Publications by authors named "Carmen Salavastru"

36 Publications

Laser in surgical scar clearance: An update review.

J Cosmet Dermatol 2021 Jul 2. Epub 2021 Jul 2.

Department of Dermatology, University Medical Center of the Johannes Gutenberg University, Mainz, Germany.

Scar formation is a consequence of wound healing that developed from damaged tissue either from physical injury or surgical incision. A hypertrophic scar develops due to an abnormal healing response to trauma. It might lead to serious functional and cosmetic disability. There are numerous methods mentioned in the literature to treat such scars but to date, no single method has been known to cure them. In this review, we focused on differences between various types of nonsurgical management of hypertrophic scar focusing on the indication, mechanism of action, and efficacy of the pulsed dye laser (PDL), fractional carbon dioxide laser (fCO2), Er-YAG laser, and intense pulse light (IPL). The literature research included peer-reviewed articles (clinical trials or scientific reviews) which were identified by searching electronic databases like PubMed till January 2021 and reference lists of respective articles. Only articles published in the English language were included.
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http://dx.doi.org/10.1111/jocd.14325DOI Listing
July 2021

Tophaceous Gout - When the Skin Comes First.

Acta Dermatovenerol Croat 2020 Dec;28(7):223-227

Professor Carmen Salavastru, MD, PhD, "Carol Davila" University of Medicine and Pharmacy, Bucharest, Romania;

Gout represents a metabolic disorder with systemic echo, in which needle-like crystals of monosodium urate are deposited in various tissular structures. Crystals accumulation in the connective tissue (tophi) represents the late, chronic stage of this disease, usually emerging after an average of 10 years after disease onset. Herein we report three cases of patients aged 70, 33, and 53 who presented with painful subcutaneous nodules located on various body areas. All of them had hyperuricemia. Several conditions had to be investigated in order to establish the etiology of uric acid metabolism alterations. Laboratory and pathology findings established the diagnosis of gout, with tophi as the first symptom of the disease. Following patient education, diet and lifestyle changes, and medication, the outcome in all patients was favorable, with alleviation of the symptoms. Tophaceous gout as a first presentation of this disease is currently uncommon, but dermatologist should be aware of this rare finding for proper management of such cases and to prevent the resultant significant functional and quality of life impairment if not recognized early.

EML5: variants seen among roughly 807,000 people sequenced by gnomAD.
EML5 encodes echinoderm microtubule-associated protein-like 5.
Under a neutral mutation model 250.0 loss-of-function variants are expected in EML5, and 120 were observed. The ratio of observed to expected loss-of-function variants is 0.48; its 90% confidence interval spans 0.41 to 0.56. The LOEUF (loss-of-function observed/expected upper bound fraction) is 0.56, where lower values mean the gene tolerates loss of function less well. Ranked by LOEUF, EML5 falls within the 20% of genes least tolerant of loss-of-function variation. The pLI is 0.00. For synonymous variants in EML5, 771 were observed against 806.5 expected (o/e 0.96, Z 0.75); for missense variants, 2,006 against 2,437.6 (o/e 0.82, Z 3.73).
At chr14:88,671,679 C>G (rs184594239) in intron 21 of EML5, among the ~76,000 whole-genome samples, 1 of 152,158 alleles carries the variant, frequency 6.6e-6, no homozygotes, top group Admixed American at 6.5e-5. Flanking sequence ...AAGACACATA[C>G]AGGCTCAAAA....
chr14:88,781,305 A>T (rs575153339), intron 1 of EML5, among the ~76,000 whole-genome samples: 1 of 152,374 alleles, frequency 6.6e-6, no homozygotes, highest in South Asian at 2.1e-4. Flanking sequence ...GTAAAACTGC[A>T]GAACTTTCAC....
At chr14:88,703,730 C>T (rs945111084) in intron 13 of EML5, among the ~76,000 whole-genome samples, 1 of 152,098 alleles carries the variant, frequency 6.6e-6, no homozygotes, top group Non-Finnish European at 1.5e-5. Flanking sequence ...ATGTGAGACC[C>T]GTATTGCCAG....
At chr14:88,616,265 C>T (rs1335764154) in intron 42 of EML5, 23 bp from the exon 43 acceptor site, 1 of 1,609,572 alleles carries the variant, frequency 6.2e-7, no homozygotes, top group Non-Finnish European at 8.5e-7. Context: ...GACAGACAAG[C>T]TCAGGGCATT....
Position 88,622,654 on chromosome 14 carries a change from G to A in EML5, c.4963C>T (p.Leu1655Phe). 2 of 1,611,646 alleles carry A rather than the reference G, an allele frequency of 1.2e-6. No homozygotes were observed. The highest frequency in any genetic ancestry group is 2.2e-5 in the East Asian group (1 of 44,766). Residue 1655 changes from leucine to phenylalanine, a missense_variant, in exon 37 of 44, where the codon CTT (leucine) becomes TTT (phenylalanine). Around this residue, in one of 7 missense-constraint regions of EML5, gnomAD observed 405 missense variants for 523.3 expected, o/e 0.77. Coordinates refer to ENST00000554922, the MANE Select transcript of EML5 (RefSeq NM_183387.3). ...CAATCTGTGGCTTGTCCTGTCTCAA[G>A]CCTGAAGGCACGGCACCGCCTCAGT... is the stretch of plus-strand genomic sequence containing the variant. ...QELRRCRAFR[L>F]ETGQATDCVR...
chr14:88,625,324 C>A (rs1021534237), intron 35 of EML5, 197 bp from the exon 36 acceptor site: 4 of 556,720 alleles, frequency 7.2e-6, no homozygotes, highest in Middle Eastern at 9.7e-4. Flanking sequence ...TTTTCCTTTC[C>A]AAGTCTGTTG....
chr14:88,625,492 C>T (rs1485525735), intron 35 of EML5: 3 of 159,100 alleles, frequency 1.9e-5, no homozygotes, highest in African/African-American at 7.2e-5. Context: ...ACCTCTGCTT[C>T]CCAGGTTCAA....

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December 2020

Prevention of Hand Eczema among Nurse Apprentice (PREVEDERM): An Interventional Study.

Ann Work Expo Health 2021 03;65(2):167-175

Carol Davila University of Medicine and Pharmacy, Eroii Sanitari, Bucharest, Romania.

Background: Workers in the healthcare sector are at high risk of developing occupational hand eczema mainly due to frequent exposure to irritants and/or allergens. Amongst workers in healthcare, nurses are at higher risk of developing hand dermatitis.

Objectives: To evaluate the effectiveness of a short educational intervention program in preventing occupational hand eczema in nurse apprentices, using two objective tools, namely TEWL and EH, and the HECSI score.

Methods: Data regarding professions, wet work exposure, activities performed during working hours, self-reported eczema were collected from 230 nurse students, divided in two study groups: the intervention and the control group (CG). The intervention group (IG) was given education about risks and proper skin care and was provided with cosmeceuticals to be used for skin care during hospital activity. The evaluation of skin properties was performed using questionnaires, HECSI score, measurement of transepidermal water loss (TEWL) and epidermal hydration (EH).

Results: A number of 139 apprentice nurses completed the study. Of those participants who completed the study, 19.1% from CG and 19.6% from IG reported, at T1, hand eczema in the last 3 months, while at T2 (3 months later), 59.52 % of the CG and only 11.34 % from the IG stated having eczema in the last 3 months. In the IG, results showed an improvement of CM with 17% and of TEWL with 16%, with only a 0.5% improvement of CM in CG and a marked impairment of TEWL by 33%.

Conclusion: Hand eczema is a common occupational dermatosis affecting the medical staff, even during apprenticeship. Early preventive training programs are effective in reducing the burden of occupational contact dermatitis.
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http://dx.doi.org/10.1093/annweh/wxaa122DOI Listing
March 2021

[Curative treatment with lasers can improve skin pigmentation disorders].

Hautarzt 2020 Dec;71(12):919

Abteilung für pädiatrische Dermatologie, Colentina-Krankenhaus , 19-21 Stefan cel Mare Av., Bukarest, Rumänien.

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http://dx.doi.org/10.1007/s00105-020-04718-9DOI Listing
December 2020

[Treatment of pigmentation disorders in association with systemic diseases].

Hautarzt 2020 Dec;71(12):932-943

Carol-Davila-Universität für Medizin und Pharmazie, Bukarest, Rumänien.